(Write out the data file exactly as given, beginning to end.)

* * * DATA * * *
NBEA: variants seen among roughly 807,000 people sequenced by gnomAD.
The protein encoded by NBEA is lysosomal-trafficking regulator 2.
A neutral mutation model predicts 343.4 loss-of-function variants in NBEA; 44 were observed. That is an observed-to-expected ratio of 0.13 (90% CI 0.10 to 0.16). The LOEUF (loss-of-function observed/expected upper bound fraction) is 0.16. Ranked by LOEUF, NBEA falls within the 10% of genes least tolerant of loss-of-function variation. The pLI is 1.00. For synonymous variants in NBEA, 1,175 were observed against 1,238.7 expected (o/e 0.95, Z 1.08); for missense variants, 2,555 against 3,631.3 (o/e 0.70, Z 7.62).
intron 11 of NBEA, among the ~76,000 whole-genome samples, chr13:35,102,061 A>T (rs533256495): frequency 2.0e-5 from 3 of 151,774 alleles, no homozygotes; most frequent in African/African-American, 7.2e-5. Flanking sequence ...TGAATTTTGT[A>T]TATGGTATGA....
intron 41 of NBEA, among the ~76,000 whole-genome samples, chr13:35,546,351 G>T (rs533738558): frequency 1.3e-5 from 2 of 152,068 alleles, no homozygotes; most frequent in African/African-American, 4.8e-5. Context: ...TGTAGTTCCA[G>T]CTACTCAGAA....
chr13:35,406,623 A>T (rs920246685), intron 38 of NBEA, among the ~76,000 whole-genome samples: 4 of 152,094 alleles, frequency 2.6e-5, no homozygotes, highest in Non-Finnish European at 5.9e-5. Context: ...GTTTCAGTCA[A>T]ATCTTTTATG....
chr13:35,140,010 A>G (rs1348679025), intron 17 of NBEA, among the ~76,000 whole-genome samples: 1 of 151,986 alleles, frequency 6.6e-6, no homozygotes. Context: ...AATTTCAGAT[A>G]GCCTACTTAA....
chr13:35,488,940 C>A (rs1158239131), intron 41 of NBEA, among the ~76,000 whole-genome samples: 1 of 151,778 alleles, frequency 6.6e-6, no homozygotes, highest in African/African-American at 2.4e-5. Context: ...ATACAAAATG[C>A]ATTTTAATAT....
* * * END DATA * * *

NBEA: variants seen among roughly 807,000 people sequenced by gnomAD.
The protein encoded by NBEA is lysosomal-trafficking regulator 2.
A neutral mutation model predicts 343.4 loss-of-function variants in NBEA; 44 were observed. That is an observed-to-expected ratio of 0.13 (90% CI 0.10 to 0.16). The LOEUF (loss-of-function observed/expected upper bound fraction) is 0.16. Ranked by LOEUF, NBEA falls within the 10% of genes least tolerant of loss-of-function variation. The pLI is 1.00. For synonymous variants in NBEA, 1,175 were observed against 1,238.7 expected (o/e 0.95, Z 1.08); for missense variants, 2,555 against 3,631.3 (o/e 0.70, Z 7.62).
intron 11 of NBEA, among the ~76,000 whole-genome samples, chr13:35,102,061 A>T (rs533256495): frequency 2.0e-5 from 3 of 151,774 alleles, no homozygotes; most frequent in African/African-American, 7.2e-5. Flanking sequence ...TGAATTTTGT[A>T]TATGGTATGA....
intron 41 of NBEA, among the ~76,000 whole-genome samples, chr13:35,546,351 G>T (rs533738558): frequency 1.3e-5 from 2 of 152,068 alleles, no homozygotes; most frequent in African/African-American, 4.8e-5. Context: ...TGTAGTTCCA[G>T]CTACTCAGAA....
chr13:35,406,623 A>T (rs920246685), intron 38 of NBEA, among the ~76,000 whole-genome samples: 4 of 152,094 alleles, frequency 2.6e-5, no homozygotes, highest in Non-Finnish European at 5.9e-5. Context: ...GTTTCAGTCA[A>T]ATCTTTTATG....
chr13:35,140,010 A>G (rs1348679025), intron 17 of NBEA, among the ~76,000 whole-genome samples: 1 of 151,986 alleles, frequency 6.6e-6, no homozygotes. Context: ...AATTTCAGAT[A>G]GCCTACTTAA....
chr13:35,488,940 C>A (rs1158239131), intron 41 of NBEA, among the ~76,000 whole-genome samples: 1 of 151,778 alleles, frequency 6.6e-6, no homozygotes, highest in African/African-American at 2.4e-5. Context: ...ATACAAAATG[C>A]ATTTTAATAT....